August 23, 2019
Twitter has purchased Lightwell, an app creation engine originally debuted two years ago by Hullabalu, an interactive storytelling startup. In its Twitter account, Lightwell said its work would focus on conversations and that its toolset, which has required a subscription, will be available for free this week as part of the purchase. Without the need to create an account, Lightwell users will be able to “layout, prototype, and export to iOS.” Lightwell also announced that it would no longer support or add new features to the toolset. Financial terms of the acquisition have not been disclosed.
VentureBeat reports that “published apps built with Lightwell won’t be affected.” Lightwell wrote on Twitter that, “we have been longtime passionate users of the product and after spending more time with the Twitter team, are incredibly energized to bring our experiences to further the mission of serving the public conversation. So, it’s fitting that we’re sharing the news with you here. With your help, we built Lightwell into one of the most powerful design-to-production tools for mobile development.”
Twitter has recently “redoubled its efforts to make conversations among users easier to follow on its platform — and less toxic.” Its prototype mobile app Twttr (which is invite-only) has new visuals “to make replies more distinguishable from strung-together tweets, along with timelines connecting replies to other users within larger threads.”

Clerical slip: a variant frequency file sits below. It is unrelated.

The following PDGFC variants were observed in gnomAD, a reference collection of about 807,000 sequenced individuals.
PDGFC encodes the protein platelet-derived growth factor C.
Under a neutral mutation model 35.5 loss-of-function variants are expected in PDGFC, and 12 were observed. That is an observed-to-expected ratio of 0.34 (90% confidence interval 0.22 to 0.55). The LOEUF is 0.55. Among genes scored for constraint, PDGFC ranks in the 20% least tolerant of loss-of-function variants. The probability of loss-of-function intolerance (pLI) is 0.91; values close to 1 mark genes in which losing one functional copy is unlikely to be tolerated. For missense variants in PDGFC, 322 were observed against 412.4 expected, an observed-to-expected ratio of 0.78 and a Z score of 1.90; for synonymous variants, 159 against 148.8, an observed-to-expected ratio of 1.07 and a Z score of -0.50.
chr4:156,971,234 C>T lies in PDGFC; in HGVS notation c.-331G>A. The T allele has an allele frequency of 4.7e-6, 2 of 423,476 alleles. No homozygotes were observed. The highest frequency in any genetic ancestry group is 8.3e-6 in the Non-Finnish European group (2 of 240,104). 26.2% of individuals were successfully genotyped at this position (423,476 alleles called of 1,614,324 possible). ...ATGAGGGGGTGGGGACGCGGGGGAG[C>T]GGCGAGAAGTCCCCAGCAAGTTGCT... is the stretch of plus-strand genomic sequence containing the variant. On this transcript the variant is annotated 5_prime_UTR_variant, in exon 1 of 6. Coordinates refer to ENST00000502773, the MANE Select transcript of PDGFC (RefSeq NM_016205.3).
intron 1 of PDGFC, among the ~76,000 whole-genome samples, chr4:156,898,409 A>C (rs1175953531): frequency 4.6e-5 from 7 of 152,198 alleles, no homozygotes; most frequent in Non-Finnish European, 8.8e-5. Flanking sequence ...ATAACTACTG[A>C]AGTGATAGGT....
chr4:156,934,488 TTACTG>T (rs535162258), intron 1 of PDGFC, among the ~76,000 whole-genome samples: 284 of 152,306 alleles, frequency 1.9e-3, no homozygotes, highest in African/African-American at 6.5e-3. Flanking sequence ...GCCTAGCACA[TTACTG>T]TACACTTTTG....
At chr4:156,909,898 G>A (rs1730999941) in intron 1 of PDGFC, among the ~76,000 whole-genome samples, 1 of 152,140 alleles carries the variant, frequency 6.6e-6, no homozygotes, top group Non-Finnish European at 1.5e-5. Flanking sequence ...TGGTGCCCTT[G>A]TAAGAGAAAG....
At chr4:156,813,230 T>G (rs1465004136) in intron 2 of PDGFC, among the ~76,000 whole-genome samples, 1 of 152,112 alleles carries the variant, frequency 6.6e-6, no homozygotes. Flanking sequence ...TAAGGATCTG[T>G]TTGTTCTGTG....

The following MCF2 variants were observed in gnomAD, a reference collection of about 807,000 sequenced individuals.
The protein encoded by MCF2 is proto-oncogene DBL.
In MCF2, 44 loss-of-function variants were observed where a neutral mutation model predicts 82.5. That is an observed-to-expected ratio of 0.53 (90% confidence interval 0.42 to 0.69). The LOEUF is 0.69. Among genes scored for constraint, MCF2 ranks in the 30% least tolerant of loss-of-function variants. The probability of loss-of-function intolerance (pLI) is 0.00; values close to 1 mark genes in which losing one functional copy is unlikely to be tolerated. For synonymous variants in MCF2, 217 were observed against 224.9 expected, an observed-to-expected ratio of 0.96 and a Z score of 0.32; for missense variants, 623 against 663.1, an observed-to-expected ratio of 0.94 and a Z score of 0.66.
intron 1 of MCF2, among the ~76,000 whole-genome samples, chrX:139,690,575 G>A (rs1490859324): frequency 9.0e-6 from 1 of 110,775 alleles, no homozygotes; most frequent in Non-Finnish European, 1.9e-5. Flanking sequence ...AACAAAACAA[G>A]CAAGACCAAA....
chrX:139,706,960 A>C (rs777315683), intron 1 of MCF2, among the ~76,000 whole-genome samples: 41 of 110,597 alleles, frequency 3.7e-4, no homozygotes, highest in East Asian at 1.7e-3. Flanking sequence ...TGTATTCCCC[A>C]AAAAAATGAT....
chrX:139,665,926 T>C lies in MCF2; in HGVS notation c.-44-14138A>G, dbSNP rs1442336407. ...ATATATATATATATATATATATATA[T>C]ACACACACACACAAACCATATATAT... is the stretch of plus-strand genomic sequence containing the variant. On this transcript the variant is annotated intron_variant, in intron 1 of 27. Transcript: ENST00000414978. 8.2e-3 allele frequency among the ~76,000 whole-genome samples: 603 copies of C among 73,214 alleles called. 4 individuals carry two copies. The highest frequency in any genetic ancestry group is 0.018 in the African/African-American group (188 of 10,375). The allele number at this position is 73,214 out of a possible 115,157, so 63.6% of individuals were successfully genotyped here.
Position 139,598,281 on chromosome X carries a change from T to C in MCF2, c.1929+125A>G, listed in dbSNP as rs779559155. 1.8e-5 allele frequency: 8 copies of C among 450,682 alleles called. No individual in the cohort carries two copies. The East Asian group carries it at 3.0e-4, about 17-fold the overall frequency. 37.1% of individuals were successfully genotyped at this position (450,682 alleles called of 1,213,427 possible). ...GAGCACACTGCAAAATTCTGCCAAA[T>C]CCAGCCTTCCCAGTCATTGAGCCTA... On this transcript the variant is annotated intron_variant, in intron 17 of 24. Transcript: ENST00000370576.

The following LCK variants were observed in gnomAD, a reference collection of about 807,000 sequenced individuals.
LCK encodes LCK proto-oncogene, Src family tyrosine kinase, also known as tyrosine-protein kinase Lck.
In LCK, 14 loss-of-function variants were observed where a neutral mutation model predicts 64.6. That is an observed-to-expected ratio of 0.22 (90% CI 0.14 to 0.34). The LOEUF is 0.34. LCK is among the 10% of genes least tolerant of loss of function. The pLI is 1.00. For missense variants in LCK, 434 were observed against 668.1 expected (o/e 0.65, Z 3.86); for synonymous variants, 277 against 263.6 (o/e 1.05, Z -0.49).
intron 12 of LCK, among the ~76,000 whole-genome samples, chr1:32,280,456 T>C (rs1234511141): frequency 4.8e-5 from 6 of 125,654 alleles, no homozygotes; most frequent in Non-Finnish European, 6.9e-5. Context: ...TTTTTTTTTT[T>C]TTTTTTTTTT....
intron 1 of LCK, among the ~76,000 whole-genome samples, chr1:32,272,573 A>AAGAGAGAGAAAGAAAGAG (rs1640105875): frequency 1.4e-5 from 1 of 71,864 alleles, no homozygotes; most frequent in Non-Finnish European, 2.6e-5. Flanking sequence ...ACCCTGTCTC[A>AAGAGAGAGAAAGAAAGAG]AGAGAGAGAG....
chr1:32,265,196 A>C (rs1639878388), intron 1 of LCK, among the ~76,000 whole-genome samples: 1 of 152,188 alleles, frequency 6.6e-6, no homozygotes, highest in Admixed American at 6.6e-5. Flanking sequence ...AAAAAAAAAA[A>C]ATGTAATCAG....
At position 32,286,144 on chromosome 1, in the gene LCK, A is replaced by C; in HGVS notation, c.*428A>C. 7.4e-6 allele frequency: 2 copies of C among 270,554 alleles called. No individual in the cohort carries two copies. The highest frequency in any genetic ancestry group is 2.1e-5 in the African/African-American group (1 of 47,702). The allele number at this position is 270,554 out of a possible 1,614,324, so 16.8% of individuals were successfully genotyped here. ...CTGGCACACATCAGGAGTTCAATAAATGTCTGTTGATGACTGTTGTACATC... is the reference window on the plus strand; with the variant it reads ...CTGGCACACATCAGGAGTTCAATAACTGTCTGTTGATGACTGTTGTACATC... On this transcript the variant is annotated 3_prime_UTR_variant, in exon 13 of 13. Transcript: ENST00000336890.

This year, Twitter debuted, in beta, color-coded and nested replies, and, in July, launched a feature in Canada “that allows users to hide replies to their tweets, requiring those who wish to see and engage with them to tap on a gray icon.”
Hullabalu developed Lightwell “to create an original story series for children called ‘The Adventures of Pan,’ which became a top seller in over 38 countries and racked up millions of downloads.” The software lets designers “create and ship animations across devices without developers having to recreate them by hand in Apple’s Xcode development environment.” The tool also offers “support for properties like ambient motion, rotation, layout constraints, and scroll views as well as screen transitions and audio mapping.”
Two years ago, TechCrunch reported that Hullabalu chief executive Suzanne Xie said that, “media companies and creative agencies looking for a simpler way to build and release apps were Lightwell’s target audiences.” The company had raised $6.5 million from SV Angel, Vayner RSE, Initialized Capital, Technicolor, and others, as well as individuals including Joanne Wilson, Scott Belsky, Carmelo Anthony and Nas.